As Knott has benefitted materially from the contract between the Town and Better, at the very least, Knott should not have participated in the decision-making process to hire Better, nor have any conversations with Better about the matter at issue in this case, as per General Municipal Law § 805-a (1)(c).
The New York Attorney General says (Opinion, Attorney General, [Inf.] 93-36), “The purpose of section 805-a and common law conflict of interest rules is to ensure that public responsibilities are performed impartially and solely in the public interest. If a public body was allowed to waive conflicts of interests, this important public purpose would not be achieved.” In the Better-Knott situation, the public interest is clearly secondary to the private interests of Knott. This Better-Knott problem would not have happened if Knott had hired his own lawyer. It would be better not to force the taxpayer to pay for Knott’s private lawyer.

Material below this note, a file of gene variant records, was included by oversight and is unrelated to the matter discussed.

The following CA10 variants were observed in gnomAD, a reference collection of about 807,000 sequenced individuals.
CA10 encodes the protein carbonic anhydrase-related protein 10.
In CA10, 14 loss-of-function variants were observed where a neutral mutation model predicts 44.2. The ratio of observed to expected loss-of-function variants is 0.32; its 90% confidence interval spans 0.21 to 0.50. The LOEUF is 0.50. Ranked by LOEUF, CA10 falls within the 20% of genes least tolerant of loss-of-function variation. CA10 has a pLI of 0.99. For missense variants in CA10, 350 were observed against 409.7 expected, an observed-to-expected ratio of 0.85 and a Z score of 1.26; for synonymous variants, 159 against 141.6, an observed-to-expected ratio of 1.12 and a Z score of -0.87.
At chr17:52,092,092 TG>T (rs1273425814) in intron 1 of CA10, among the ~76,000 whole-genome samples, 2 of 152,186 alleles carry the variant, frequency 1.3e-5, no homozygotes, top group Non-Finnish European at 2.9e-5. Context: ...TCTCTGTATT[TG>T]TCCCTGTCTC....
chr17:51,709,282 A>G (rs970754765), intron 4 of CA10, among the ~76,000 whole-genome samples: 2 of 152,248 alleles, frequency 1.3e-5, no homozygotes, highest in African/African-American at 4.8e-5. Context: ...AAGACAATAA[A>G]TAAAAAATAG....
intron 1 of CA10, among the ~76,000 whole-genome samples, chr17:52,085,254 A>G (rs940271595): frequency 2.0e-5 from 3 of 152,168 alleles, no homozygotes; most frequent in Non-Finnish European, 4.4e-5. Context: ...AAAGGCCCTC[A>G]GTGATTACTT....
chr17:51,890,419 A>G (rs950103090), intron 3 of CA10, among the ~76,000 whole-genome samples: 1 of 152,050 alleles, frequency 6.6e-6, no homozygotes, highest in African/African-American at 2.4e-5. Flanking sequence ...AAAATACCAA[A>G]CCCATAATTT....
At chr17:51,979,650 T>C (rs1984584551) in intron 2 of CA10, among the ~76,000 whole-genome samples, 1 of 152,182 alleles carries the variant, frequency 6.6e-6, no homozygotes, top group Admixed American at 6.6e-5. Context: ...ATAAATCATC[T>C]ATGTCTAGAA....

Nothing about that in the decision of the court. This bothers me.